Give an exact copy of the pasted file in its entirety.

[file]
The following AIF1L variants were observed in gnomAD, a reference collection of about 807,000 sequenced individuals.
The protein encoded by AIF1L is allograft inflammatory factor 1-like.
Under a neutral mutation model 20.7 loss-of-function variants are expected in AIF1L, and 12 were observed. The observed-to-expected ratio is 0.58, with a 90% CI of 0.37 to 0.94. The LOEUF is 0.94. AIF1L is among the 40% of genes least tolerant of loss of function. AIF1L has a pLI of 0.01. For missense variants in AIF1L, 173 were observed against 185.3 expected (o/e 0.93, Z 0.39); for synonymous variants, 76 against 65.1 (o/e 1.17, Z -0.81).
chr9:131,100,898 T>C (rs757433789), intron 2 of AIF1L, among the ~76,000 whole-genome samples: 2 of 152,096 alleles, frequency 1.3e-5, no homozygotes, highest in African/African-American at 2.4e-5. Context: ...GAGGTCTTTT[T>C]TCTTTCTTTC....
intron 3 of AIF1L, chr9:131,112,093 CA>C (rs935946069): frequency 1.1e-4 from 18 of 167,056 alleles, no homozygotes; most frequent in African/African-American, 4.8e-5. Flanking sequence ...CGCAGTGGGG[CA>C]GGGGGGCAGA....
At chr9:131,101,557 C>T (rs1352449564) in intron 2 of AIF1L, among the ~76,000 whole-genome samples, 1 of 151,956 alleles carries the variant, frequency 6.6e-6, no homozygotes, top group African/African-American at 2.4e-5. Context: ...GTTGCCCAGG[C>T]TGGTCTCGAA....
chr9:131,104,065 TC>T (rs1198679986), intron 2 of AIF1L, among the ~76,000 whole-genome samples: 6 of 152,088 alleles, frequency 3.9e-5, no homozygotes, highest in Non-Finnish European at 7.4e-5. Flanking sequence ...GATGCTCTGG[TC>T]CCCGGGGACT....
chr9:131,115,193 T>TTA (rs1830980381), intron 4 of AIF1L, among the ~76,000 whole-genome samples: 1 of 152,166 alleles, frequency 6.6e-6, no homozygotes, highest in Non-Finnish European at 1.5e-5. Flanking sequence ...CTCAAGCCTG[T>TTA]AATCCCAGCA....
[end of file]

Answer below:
The following AIF1L variants were observed in gnomAD, a reference collection of about 807,000 sequenced individuals.
The protein encoded by AIF1L is allograft inflammatory factor 1-like.
Under a neutral mutation model 20.7 loss-of-function variants are expected in AIF1L, and 12 were observed. The observed-to-expected ratio is 0.58, with a 90% CI of 0.37 to 0.94. The LOEUF is 0.94. AIF1L is among the 40% of genes least tolerant of loss of function. AIF1L has a pLI of 0.01. For missense variants in AIF1L, 173 were observed against 185.3 expected (o/e 0.93, Z 0.39); for synonymous variants, 76 against 65.1 (o/e 1.17, Z -0.81).
chr9:131,100,898 T>C (rs757433789), intron 2 of AIF1L, among the ~76,000 whole-genome samples: 2 of 152,096 alleles, frequency 1.3e-5, no homozygotes, highest in African/African-American at 2.4e-5. Context: ...GAGGTCTTTT[T>C]TCTTTCTTTC....
intron 3 of AIF1L, chr9:131,112,093 CA>C (rs935946069): frequency 1.1e-4 from 18 of 167,056 alleles, no homozygotes; most frequent in African/African-American, 4.8e-5. Flanking sequence ...CGCAGTGGGG[CA>C]GGGGGGCAGA....
At chr9:131,101,557 C>T (rs1352449564) in intron 2 of AIF1L, among the ~76,000 whole-genome samples, 1 of 151,956 alleles carries the variant, frequency 6.6e-6, no homozygotes, top group African/African-American at 2.4e-5. Context: ...GTTGCCCAGG[C>T]TGGTCTCGAA....
chr9:131,104,065 TC>T (rs1198679986), intron 2 of AIF1L, among the ~76,000 whole-genome samples: 6 of 152,088 alleles, frequency 3.9e-5, no homozygotes, highest in Non-Finnish European at 7.4e-5. Flanking sequence ...GATGCTCTGG[TC>T]CCCGGGGACT....
chr9:131,115,193 T>TTA (rs1830980381), intron 4 of AIF1L, among the ~76,000 whole-genome samples: 1 of 152,166 alleles, frequency 6.6e-6, no homozygotes, highest in Non-Finnish European at 1.5e-5. Flanking sequence ...CTCAAGCCTG[T>TTA]AATCCCAGCA....